MILWAUKEE – Democratic U.S. Senate candidate Tammy Baldwin has earned the endorsement of a group that defends terrorist attacks on U.S. soldiers. Baldwin has been endorsed by the innocuously named Council for a Livable World, a left-wing think-tank and advocacy partnership group that defends Iranian-backed terrorist attacks on U.S. soldiers in Iraq. According to the Council’s research center, the United States should not “threaten and insult Iran” by, among other things, “arresting Iranian representatives in Iraq.”
From the MacIver Institute:
City of Milwaukee Did Not Use The Ineligible Voter List on First Day of Early Voting
State Election Watchdogs at the GAB Yet to Comment[MILWAUKEE...] During early voting on Monday, Milwaukee election officials did not check newly registered voters against a Department of Corrections list of felons who are ineligible to vote, the MacIver News Service has learned.
The board shall provide to each municipal clerk a list prepared for use at each municipal clerk's office showing the name and address of each person whose name appears on the list provided by the department of corrections under s. 301.03 (20m) as ineligible to vote on the date of the election, whose address is located in the municipality, and whose name does not appear on the registration list for that municipality.
"In short, our application of the law does not permit observing the public aspects of the voting process in an up-close manner, or looking over the shoulder of the poll workers, or interfering or distracting the voters. The voting process is readily observable even if the detailed documentation cannot be reviewed until after Election Day by an inspection of the public documents.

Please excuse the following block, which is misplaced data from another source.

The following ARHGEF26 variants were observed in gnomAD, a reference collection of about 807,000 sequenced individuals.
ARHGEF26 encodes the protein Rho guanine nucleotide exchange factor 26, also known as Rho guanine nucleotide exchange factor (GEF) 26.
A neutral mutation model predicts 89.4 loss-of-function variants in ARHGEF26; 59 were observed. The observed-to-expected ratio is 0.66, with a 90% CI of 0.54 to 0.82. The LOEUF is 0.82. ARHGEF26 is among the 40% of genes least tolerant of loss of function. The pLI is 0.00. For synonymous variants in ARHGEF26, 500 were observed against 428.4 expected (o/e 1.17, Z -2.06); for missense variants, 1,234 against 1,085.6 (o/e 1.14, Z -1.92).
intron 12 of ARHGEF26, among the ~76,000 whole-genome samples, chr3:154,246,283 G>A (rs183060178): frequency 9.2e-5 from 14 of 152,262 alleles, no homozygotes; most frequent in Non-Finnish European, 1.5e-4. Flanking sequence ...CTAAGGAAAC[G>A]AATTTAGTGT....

"In your correspondence you specifically raise questions about the application of the "six-foot" rule and assert that it compromises the rights of observers. As background, the "six-foot" rule was established as part of a set of emergency administrative rules adopted by the former State Elections Board and the Government Accountability Board. Specifically, the Government Accountability Board published the observer rules first in 2008 and then again in 2010, with many opportunities for public comment, which resulted in some revisions to the observer policies.
"The six- to twelve-foot distance contained in the rules was developed over the past four years in consultation with organizations, including the two major political parties, which regularly train and deploy observers to polling places and with the input of local election officials. The language of the rule recognizes that this distance may need to be adjusted depending on unique circumstances related to any given polling location, such as unusual noise levels or blocked sight lines for example. For all practical purposes the "six-foot" rule operates as a guideline for designating observation areas; it is not absolute. This process has worked well in all elections since it was first implemented."In the last two days, the GAB has not responded to repeated requests for comment regarding the ineligible felon voter list debacle in Milwaukee and whether the list was ignored in other locations during early voting as well.